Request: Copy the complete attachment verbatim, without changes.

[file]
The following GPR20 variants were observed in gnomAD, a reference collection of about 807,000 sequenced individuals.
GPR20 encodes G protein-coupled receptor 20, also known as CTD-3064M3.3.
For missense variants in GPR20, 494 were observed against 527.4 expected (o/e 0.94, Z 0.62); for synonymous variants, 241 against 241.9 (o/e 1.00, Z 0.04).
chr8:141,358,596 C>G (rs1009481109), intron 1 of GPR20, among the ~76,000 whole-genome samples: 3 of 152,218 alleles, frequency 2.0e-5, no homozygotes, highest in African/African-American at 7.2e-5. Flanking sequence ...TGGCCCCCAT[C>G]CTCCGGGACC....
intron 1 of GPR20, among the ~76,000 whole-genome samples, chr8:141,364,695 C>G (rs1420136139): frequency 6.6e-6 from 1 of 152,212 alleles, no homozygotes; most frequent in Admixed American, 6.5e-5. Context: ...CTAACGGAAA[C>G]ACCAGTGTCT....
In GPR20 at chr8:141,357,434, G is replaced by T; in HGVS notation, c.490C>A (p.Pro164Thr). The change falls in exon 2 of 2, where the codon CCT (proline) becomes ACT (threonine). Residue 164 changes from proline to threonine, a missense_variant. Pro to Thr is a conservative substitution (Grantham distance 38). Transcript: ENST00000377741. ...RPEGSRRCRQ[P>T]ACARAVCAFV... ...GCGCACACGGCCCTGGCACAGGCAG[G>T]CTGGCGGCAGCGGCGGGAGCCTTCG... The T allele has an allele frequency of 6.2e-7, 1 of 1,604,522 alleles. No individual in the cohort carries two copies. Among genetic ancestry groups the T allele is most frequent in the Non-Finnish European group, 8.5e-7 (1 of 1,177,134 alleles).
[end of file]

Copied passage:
The following GPR20 variants were observed in gnomAD, a reference collection of about 807,000 sequenced individuals.
GPR20 encodes G protein-coupled receptor 20, also known as CTD-3064M3.3.
For missense variants in GPR20, 494 were observed against 527.4 expected (o/e 0.94, Z 0.62); for synonymous variants, 241 against 241.9 (o/e 1.00, Z 0.04).
chr8:141,358,596 C>G (rs1009481109), intron 1 of GPR20, among the ~76,000 whole-genome samples: 3 of 152,218 alleles, frequency 2.0e-5, no homozygotes, highest in African/African-American at 7.2e-5. Flanking sequence ...TGGCCCCCAT[C>G]CTCCGGGACC....
intron 1 of GPR20, among the ~76,000 whole-genome samples, chr8:141,364,695 C>G (rs1420136139): frequency 6.6e-6 from 1 of 152,212 alleles, no homozygotes; most frequent in Admixed American, 6.5e-5. Context: ...CTAACGGAAA[C>G]ACCAGTGTCT....
In GPR20 at chr8:141,357,434, G is replaced by T; in HGVS notation, c.490C>A (p.Pro164Thr). The change falls in exon 2 of 2, where the codon CCT (proline) becomes ACT (threonine). Residue 164 changes from proline to threonine, a missense_variant. Pro to Thr is a conservative substitution (Grantham distance 38). Transcript: ENST00000377741. ...RPEGSRRCRQ[P>T]ACARAVCAFV... ...GCGCACACGGCCCTGGCACAGGCAG[G>T]CTGGCGGCAGCGGCGGGAGCCTTCG... The T allele has an allele frequency of 6.2e-7, 1 of 1,604,522 alleles. No individual in the cohort carries two copies. Among genetic ancestry groups the T allele is most frequent in the Non-Finnish European group, 8.5e-7 (1 of 1,177,134 alleles).